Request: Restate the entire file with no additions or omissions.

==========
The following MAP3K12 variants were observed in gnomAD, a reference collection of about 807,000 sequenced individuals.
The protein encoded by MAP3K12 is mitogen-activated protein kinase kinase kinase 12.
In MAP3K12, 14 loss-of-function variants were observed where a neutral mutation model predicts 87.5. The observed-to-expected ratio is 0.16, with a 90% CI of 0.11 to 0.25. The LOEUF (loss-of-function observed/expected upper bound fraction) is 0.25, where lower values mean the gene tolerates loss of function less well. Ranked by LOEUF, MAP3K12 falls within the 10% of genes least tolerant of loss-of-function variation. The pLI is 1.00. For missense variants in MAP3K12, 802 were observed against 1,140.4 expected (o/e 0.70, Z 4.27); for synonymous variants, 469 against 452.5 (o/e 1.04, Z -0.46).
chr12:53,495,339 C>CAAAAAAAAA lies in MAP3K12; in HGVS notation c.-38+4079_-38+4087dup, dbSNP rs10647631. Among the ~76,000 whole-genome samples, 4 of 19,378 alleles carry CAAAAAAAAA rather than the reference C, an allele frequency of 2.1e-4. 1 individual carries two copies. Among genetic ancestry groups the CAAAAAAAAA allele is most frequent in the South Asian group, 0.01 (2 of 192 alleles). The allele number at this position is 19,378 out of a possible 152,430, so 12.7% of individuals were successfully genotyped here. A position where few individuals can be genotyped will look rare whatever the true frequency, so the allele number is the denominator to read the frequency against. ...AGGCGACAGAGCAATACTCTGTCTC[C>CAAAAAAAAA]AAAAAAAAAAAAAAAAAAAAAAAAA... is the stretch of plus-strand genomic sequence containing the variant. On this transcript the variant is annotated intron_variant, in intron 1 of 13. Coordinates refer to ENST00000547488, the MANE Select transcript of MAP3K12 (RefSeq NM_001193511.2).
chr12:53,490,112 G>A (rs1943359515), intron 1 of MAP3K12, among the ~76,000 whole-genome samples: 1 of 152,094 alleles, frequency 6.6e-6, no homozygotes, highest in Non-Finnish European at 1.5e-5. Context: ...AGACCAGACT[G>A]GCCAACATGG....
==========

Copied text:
The following MAP3K12 variants were observed in gnomAD, a reference collection of about 807,000 sequenced individuals.
The protein encoded by MAP3K12 is mitogen-activated protein kinase kinase kinase 12.
In MAP3K12, 14 loss-of-function variants were observed where a neutral mutation model predicts 87.5. The observed-to-expected ratio is 0.16, with a 90% CI of 0.11 to 0.25. The LOEUF (loss-of-function observed/expected upper bound fraction) is 0.25, where lower values mean the gene tolerates loss of function less well. Ranked by LOEUF, MAP3K12 falls within the 10% of genes least tolerant of loss-of-function variation. The pLI is 1.00. For missense variants in MAP3K12, 802 were observed against 1,140.4 expected (o/e 0.70, Z 4.27); for synonymous variants, 469 against 452.5 (o/e 1.04, Z -0.46).
chr12:53,495,339 C>CAAAAAAAAA lies in MAP3K12; in HGVS notation c.-38+4079_-38+4087dup, dbSNP rs10647631. Among the ~76,000 whole-genome samples, 4 of 19,378 alleles carry CAAAAAAAAA rather than the reference C, an allele frequency of 2.1e-4. 1 individual carries two copies. Among genetic ancestry groups the CAAAAAAAAA allele is most frequent in the South Asian group, 0.01 (2 of 192 alleles). The allele number at this position is 19,378 out of a possible 152,430, so 12.7% of individuals were successfully genotyped here. A position where few individuals can be genotyped will look rare whatever the true frequency, so the allele number is the denominator to read the frequency against. ...AGGCGACAGAGCAATACTCTGTCTC[C>CAAAAAAAAA]AAAAAAAAAAAAAAAAAAAAAAAAA... is the stretch of plus-strand genomic sequence containing the variant. On this transcript the variant is annotated intron_variant, in intron 1 of 13. Coordinates refer to ENST00000547488, the MANE Select transcript of MAP3K12 (RefSeq NM_001193511.2).
chr12:53,490,112 G>A (rs1943359515), intron 1 of MAP3K12, among the ~76,000 whole-genome samples: 1 of 152,094 alleles, frequency 6.6e-6, no homozygotes, highest in Non-Finnish European at 1.5e-5. Context: ...AGACCAGACT[G>A]GCCAACATGG....